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Third Sunday after Trinity

D. G. Phillips

Holy Communion

Petite Riviere, Broad Cove and West Dublin  June 8, AD 2008

1 Peter 5:5f    St. Luke 15:1-11


ALL of you be subject one to another, and be clothed with humility…

Humble yourselves…under the mighty hand of God,

 that he may exalt you in due time.


We are beginning our ascent in Trinity season with the basics of the Christian faith.


We learned in the past two weeks that it is impossible to say we love God and to at the same time to hate our neighbour.  And we will see this again and again during this season – the love of God and the love of neighbour are intimately bound – and we will see that a sin against God has its outward manifestation in a sin against our neighbour.


We are shown this so clearly in today’s Gospel.


The Son of God comes down from heaven and is Incarnate in Jesus Christ.  He draws the Publicans and sinners to him.  And Jesus teaches them the way of truth – calls them to repentance, and speaks the words of forgiveness that they long to hear.  Having met Jesus they know themselves to have been lost without Him and that they have been found by God.


The Scribes and Pharisees, on the other hand, who study the law, who seek to be faithful to it in outward ways, are drawn to Jesus, but only to find fault with Him.  They don’t see themselves as lost and found by God.  They manifest their sin towards God by their reaction to their neighbours and to Jesus.  They are full of pride.  They think themselves better than the Publicans and sinners (perhaps because they are better at following the law, or at least some parts of the law, outwardly) and they think themselves better than Jesus, because he associates with Publicans and sinners.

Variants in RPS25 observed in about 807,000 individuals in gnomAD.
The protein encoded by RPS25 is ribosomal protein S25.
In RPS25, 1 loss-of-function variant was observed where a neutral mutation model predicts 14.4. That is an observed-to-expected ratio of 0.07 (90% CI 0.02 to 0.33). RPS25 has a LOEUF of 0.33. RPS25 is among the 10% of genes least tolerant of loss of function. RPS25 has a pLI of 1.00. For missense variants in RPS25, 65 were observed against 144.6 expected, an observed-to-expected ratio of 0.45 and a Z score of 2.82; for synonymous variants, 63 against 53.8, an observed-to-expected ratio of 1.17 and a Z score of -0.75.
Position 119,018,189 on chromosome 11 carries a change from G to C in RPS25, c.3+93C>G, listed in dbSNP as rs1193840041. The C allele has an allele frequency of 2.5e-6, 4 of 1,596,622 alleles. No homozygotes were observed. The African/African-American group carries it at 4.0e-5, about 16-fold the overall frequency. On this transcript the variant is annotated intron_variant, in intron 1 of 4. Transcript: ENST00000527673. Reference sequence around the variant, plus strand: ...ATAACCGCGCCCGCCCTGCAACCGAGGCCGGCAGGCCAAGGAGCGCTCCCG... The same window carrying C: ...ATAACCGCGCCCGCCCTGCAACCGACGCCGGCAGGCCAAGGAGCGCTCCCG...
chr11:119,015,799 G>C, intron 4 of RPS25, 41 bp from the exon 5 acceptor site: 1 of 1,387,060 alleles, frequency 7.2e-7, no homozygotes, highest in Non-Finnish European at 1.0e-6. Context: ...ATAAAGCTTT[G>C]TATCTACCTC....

Do you see how a sin against God has an outward manifestation as a sin against neighbour?  So we can look at our relations to others to know how we are relating to God.  The Scribes and Pharisees think themselves to be better than their neighbour and even better than God incarnate. 


Do we see this sin manifesting itself in us?


Many years ago, having strayed very far, I was brought back by Jesus to God – I was given faith, but I was still very eccentric in many of my beliefs, I still had my own ideas about many things (I pray that my faith is now less and less eccentric).  While praying daily and reading the Bible privately, I stayed away from the Church for a few years, thinking that if I went into the Church my faith would be ruined.  But I went on a long trip to discern God’s will (I believe at the nudging of the Spirit).  I was in Spain in a small village at the base of a mountain and went up to the top for a hike.  On the way I passed through a flock of sheep, and finally at the top of the hill there was the ruin of a castle.  There was only one room still left intact and it had an opening in the wall.  When I looked in, there was a lamb standing there that had strayed from the flock.  I thought I should get it back to the flock, it seemed lost, so I chased it outside and then back to where the other sheep were, and sat down to rest and watched it for a while, from a distance.  And I saw it again, moving away from the flock – and I felt concern for it.  And suddenly I had an overwhelming sense of God saying – That is how I feel about you!  It was after that that I began to look for a church to join.